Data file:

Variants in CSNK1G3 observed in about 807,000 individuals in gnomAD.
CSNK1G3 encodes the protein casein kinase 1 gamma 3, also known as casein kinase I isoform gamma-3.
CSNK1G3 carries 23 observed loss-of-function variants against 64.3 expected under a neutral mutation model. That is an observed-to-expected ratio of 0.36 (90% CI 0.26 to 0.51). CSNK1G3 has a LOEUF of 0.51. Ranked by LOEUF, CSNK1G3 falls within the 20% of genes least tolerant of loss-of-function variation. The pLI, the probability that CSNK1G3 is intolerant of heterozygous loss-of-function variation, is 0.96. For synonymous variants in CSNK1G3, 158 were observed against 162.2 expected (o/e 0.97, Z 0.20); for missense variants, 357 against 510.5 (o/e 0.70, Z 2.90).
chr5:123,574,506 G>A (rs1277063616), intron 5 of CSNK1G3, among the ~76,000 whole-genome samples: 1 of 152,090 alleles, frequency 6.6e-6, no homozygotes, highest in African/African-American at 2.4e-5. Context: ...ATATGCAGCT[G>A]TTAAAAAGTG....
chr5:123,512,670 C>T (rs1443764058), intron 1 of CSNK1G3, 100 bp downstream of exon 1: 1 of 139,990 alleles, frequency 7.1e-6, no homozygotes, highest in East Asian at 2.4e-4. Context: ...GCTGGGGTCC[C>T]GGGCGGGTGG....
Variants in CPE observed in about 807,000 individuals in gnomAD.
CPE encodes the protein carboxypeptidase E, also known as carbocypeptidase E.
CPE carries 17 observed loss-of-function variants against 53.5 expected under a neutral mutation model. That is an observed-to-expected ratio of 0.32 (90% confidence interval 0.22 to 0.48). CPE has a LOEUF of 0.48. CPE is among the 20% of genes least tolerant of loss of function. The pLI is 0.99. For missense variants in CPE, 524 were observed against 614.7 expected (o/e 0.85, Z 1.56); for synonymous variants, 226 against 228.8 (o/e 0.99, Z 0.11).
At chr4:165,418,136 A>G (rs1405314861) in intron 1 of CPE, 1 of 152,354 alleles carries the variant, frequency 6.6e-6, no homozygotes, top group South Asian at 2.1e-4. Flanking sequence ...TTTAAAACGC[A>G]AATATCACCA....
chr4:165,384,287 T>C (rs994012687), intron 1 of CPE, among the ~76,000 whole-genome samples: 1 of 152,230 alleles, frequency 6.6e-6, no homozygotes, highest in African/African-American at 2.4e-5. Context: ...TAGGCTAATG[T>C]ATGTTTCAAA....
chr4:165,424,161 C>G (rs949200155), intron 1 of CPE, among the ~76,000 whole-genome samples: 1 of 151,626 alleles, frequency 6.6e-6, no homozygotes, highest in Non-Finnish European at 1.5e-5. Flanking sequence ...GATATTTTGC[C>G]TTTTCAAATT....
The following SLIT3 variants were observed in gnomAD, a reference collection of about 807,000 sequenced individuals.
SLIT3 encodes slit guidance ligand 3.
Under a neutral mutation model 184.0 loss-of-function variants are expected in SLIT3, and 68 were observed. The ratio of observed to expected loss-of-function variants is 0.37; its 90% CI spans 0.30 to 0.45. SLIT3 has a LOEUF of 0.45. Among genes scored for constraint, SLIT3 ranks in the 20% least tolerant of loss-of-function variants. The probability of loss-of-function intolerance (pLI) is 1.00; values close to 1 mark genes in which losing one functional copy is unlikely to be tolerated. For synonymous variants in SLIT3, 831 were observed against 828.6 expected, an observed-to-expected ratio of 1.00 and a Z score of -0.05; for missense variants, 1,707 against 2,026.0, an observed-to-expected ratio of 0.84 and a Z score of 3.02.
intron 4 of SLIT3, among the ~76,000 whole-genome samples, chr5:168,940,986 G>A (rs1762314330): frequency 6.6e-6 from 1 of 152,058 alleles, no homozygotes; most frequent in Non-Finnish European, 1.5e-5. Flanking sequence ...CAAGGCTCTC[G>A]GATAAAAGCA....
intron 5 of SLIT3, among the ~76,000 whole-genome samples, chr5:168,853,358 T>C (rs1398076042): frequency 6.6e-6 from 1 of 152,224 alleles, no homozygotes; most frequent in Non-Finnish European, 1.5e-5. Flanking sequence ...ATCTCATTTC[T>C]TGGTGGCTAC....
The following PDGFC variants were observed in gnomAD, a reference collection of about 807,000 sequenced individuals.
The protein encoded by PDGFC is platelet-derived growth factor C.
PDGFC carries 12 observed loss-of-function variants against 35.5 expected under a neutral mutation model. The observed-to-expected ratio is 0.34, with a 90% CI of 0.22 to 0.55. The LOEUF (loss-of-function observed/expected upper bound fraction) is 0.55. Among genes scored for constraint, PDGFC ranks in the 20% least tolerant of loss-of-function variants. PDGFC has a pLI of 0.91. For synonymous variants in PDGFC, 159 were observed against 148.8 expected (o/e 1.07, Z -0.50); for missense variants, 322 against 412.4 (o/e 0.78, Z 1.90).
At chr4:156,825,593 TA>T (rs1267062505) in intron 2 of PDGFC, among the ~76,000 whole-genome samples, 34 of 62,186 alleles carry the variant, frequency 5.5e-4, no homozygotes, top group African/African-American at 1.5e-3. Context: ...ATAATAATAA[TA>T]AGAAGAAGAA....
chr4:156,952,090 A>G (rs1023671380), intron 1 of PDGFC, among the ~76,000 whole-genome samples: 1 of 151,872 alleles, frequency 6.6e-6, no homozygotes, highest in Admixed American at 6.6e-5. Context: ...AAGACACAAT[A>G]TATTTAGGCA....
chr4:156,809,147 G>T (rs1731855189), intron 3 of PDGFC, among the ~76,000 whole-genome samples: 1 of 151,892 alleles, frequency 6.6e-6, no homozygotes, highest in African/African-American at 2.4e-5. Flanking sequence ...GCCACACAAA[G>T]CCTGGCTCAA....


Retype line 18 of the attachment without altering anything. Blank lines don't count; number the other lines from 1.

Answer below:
The protein encoded by PDGFC is platelet-derived growth factor C.